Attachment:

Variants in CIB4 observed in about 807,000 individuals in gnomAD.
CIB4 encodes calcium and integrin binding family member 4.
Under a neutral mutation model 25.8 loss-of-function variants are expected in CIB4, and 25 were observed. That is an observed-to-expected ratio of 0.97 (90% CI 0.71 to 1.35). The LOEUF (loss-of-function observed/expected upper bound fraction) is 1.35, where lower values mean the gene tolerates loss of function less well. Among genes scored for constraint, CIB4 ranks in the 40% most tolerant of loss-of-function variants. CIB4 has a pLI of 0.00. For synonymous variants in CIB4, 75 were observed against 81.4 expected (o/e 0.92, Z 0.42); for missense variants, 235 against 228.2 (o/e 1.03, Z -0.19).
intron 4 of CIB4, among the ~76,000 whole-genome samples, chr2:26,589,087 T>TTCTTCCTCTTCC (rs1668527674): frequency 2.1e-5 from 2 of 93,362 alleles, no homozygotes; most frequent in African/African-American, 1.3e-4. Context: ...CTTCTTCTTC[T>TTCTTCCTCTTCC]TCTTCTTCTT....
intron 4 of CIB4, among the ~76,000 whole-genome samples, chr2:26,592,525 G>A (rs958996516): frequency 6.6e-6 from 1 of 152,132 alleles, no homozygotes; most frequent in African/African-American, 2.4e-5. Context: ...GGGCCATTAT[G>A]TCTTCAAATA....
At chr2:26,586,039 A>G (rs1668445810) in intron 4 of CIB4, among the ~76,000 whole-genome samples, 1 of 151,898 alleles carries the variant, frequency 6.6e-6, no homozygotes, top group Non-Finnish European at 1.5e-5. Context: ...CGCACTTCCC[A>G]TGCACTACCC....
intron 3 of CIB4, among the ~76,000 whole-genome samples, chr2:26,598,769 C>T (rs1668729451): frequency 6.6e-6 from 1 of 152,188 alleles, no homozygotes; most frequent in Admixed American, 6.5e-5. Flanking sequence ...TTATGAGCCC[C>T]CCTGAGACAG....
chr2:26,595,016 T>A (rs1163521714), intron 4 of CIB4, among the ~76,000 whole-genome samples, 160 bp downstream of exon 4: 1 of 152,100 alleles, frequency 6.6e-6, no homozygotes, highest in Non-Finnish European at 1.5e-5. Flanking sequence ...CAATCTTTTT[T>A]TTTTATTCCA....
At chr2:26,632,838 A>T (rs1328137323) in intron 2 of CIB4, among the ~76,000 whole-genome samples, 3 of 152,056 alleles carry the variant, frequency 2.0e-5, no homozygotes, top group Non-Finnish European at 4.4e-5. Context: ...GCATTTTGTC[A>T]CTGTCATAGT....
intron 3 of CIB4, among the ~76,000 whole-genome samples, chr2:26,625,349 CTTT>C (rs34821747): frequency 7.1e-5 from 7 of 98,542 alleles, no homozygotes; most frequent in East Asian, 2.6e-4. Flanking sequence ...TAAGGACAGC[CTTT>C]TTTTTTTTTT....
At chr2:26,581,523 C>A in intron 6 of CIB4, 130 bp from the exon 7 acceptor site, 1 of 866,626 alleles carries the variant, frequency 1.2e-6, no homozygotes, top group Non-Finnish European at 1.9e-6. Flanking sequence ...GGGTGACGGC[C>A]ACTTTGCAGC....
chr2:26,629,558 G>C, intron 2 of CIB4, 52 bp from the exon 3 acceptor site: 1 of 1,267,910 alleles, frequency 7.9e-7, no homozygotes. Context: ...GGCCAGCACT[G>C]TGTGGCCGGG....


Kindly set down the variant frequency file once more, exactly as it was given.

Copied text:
Variants in CIB4 observed in about 807,000 individuals in gnomAD.
CIB4 encodes calcium and integrin binding family member 4.
Under a neutral mutation model 25.8 loss-of-function variants are expected in CIB4, and 25 were observed. That is an observed-to-expected ratio of 0.97 (90% CI 0.71 to 1.35). The LOEUF (loss-of-function observed/expected upper bound fraction) is 1.35, where lower values mean the gene tolerates loss of function less well. Among genes scored for constraint, CIB4 ranks in the 40% most tolerant of loss-of-function variants. CIB4 has a pLI of 0.00. For synonymous variants in CIB4, 75 were observed against 81.4 expected (o/e 0.92, Z 0.42); for missense variants, 235 against 228.2 (o/e 1.03, Z -0.19).
intron 4 of CIB4, among the ~76,000 whole-genome samples, chr2:26,589,087 T>TTCTTCCTCTTCC (rs1668527674): frequency 2.1e-5 from 2 of 93,362 alleles, no homozygotes; most frequent in African/African-American, 1.3e-4. Context: ...CTTCTTCTTC[T>TTCTTCCTCTTCC]TCTTCTTCTT....
intron 4 of CIB4, among the ~76,000 whole-genome samples, chr2:26,592,525 G>A (rs958996516): frequency 6.6e-6 from 1 of 152,132 alleles, no homozygotes; most frequent in African/African-American, 2.4e-5. Context: ...GGGCCATTAT[G>A]TCTTCAAATA....
At chr2:26,586,039 A>G (rs1668445810) in intron 4 of CIB4, among the ~76,000 whole-genome samples, 1 of 151,898 alleles carries the variant, frequency 6.6e-6, no homozygotes, top group Non-Finnish European at 1.5e-5. Context: ...CGCACTTCCC[A>G]TGCACTACCC....
intron 3 of CIB4, among the ~76,000 whole-genome samples, chr2:26,598,769 C>T (rs1668729451): frequency 6.6e-6 from 1 of 152,188 alleles, no homozygotes; most frequent in Admixed American, 6.5e-5. Flanking sequence ...TTATGAGCCC[C>T]CCTGAGACAG....
chr2:26,595,016 T>A (rs1163521714), intron 4 of CIB4, among the ~76,000 whole-genome samples, 160 bp downstream of exon 4: 1 of 152,100 alleles, frequency 6.6e-6, no homozygotes, highest in Non-Finnish European at 1.5e-5. Flanking sequence ...CAATCTTTTT[T>A]TTTTATTCCA....
At chr2:26,632,838 A>T (rs1328137323) in intron 2 of CIB4, among the ~76,000 whole-genome samples, 3 of 152,056 alleles carry the variant, frequency 2.0e-5, no homozygotes, top group Non-Finnish European at 4.4e-5. Context: ...GCATTTTGTC[A>T]CTGTCATAGT....
intron 3 of CIB4, among the ~76,000 whole-genome samples, chr2:26,625,349 CTTT>C (rs34821747): frequency 7.1e-5 from 7 of 98,542 alleles, no homozygotes; most frequent in East Asian, 2.6e-4. Flanking sequence ...TAAGGACAGC[CTTT>C]TTTTTTTTTT....
At chr2:26,581,523 C>A in intron 6 of CIB4, 130 bp from the exon 7 acceptor site, 1 of 866,626 alleles carries the variant, frequency 1.2e-6, no homozygotes, top group Non-Finnish European at 1.9e-6. Flanking sequence ...GGGTGACGGC[C>A]ACTTTGCAGC....
chr2:26,629,558 G>C, intron 2 of CIB4, 52 bp from the exon 3 acceptor site: 1 of 1,267,910 alleles, frequency 7.9e-7, no homozygotes. Context: ...GGCCAGCACT[G>C]TGTGGCCGGG....